Prague's "great intellectual and creative resources," includes the book design, illustration, typography, and graphic design fields. It also has the National Library of the Czech Republic among over 200 libraries, one of Europe's highest concentrations of bookshops, and the Prague Writers' Festival.[7]

Libraries in other literary cities, include: Braidense National Library in Milan, Heidelberg University Library, and the National Library of Ireland in Dublin.[8][9][10]

Dunedin is the "Edinburgh of the South", and home to New Zealand's oldest university. Durban is "fun-loving."[11][12]

Montevideo is a "vibrant, eclectic place" and Québec City is a "gorgeous, seductive place."[13][14]

Cities of Literature[edit]

The National Library in Prague
The National Library in Dublin
John Rylands Library in Manchester
Aracataca train station, in Colombia, is one of the settings of a Gabriel García Márquez novel.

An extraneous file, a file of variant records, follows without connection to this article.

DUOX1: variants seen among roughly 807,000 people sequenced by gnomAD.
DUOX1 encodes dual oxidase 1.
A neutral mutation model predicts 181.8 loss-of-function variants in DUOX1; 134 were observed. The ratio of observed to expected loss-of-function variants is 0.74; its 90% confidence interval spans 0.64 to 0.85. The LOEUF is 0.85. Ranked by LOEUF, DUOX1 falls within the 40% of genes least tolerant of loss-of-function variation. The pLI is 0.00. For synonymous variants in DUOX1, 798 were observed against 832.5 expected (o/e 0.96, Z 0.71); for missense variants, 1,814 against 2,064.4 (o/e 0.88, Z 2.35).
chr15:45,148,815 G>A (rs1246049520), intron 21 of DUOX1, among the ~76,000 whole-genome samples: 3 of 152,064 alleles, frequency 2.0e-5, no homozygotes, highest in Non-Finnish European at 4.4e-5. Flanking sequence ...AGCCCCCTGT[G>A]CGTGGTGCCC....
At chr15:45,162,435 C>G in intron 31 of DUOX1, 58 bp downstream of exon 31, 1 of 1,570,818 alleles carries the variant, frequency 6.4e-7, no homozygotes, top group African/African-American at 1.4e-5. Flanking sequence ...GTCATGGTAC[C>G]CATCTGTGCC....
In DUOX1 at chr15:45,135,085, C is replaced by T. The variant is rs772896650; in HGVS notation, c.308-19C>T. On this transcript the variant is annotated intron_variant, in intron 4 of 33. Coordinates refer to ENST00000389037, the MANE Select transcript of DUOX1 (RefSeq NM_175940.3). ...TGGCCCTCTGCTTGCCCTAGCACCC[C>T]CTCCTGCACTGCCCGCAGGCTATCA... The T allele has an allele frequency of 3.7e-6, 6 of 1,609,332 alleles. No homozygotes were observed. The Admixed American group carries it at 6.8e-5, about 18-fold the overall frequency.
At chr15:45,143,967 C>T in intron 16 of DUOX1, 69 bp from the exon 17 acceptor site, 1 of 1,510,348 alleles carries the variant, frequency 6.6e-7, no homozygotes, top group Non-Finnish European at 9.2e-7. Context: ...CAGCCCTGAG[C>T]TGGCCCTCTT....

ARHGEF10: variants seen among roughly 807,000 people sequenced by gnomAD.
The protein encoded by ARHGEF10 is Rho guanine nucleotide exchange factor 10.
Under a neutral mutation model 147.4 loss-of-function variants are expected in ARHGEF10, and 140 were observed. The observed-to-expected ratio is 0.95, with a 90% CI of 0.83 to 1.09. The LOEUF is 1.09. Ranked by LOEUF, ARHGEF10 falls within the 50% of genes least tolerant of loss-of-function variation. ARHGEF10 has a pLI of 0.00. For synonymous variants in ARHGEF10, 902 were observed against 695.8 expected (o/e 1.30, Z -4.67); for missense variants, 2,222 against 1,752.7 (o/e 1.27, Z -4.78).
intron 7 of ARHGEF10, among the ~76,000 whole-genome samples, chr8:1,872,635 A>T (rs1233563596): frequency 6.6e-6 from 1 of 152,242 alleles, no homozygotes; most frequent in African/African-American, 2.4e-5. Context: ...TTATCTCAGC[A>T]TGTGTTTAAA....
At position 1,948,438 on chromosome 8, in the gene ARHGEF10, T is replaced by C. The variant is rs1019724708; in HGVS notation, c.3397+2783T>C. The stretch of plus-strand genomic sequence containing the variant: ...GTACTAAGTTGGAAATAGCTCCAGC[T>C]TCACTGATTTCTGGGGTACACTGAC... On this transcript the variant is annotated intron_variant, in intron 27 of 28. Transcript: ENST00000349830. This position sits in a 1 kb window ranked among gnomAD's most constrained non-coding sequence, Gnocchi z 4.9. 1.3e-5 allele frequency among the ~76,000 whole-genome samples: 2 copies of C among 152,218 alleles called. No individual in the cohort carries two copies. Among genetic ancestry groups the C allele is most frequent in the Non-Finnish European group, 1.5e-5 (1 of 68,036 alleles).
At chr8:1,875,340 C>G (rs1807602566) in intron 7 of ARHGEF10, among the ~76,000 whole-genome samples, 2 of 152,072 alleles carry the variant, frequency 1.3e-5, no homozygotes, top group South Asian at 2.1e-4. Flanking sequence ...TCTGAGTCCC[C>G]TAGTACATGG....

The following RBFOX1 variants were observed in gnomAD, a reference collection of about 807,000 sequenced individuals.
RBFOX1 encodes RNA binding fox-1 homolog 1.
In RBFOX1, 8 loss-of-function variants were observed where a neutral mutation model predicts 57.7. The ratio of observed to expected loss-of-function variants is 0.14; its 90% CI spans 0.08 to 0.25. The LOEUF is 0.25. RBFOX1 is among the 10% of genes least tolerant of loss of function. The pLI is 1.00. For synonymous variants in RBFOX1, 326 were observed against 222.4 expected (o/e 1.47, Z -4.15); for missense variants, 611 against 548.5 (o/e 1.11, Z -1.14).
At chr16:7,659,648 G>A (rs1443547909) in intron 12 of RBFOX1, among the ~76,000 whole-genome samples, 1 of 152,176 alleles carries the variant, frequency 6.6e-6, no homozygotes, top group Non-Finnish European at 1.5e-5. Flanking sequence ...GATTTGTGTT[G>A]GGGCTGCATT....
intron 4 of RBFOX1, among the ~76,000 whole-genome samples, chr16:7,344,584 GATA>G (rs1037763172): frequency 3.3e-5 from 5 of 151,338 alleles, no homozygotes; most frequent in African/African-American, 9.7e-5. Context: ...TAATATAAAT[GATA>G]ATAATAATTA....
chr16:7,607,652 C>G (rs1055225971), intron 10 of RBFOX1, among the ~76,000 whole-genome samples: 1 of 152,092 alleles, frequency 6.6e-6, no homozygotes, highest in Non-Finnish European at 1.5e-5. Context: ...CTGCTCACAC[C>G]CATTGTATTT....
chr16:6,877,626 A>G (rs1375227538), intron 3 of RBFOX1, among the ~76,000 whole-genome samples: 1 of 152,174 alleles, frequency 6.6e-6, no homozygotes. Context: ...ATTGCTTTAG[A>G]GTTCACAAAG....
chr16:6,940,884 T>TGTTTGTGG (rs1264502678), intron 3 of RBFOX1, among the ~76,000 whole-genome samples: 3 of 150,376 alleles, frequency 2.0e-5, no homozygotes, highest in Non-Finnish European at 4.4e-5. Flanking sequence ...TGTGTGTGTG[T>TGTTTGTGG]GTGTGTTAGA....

There are fifty-three Cities of Literature, spanning thirty-nine countries and six continents.

Twenty-four of the represented cities are European, seven are Asian, and three are North American. Oceania and South America is represented by two cities each, while Africa is to have one designated city.

Eight countries have two designated cities, while the UK has five.

The Cities of Literature are:

City Country Year of inscription
Angoulême  France 2019[15]
Baghdad  Iraq 2015[16]
Barcelona  Spain 2015[17]
Beirut  Lebanon 2019[15]
Bremen  Germany 2023[18]
Bucheon  Korea Republic 2017[19]
Buffalo City  South Africa 2023[18]
Dublin  Ireland 2010[20]
Dunedin  New Zealand 2014[21]
Durban  South Africa 2017[22]
Edinburgh  United Kingdom 2004[4]
Exeter  United Kingdom 2019[23][24][15]
Gothenburg  Sweden 2021[25]
Granada  Spain 2014[26]
Heidelberg  Germany 2014[27]
Hobart  Australia 2023[18]
Iași  Romania 2023[18]
Iowa City  United States 2008[28]
Jakarta  Indonesia 2021[25]
Kozhikode  India 2023[18]
Kraków  Poland 2013[29]
Kuhmo  Finland 2019[15]
Kutaisi  Georgia 2023[18]
Lahore  Pakistan 2019[15]
Leeuwarden  Netherlands 2019[30]
Lillehammer  Norway 2017[31]
Ljubljana  Slovenia 2015[32]
Lviv  Ukraine 2015[33]
Lyon  France 2023[18]
Manchester  United Kingdom 2017[34]
Melbourne  Australia 2008[35]
Milan  Italy 2017[36]
Montevideo  Uruguay 2015[37]
Nanjing  China 2019[15]
Norwich  United Kingdom 2012[38]
Nottingham  United Kingdom 2015[39]
Óbidos  Portugal 2015[40]
Odesa  Ukraine 2019[41]
Okayama  Japan 2023[18]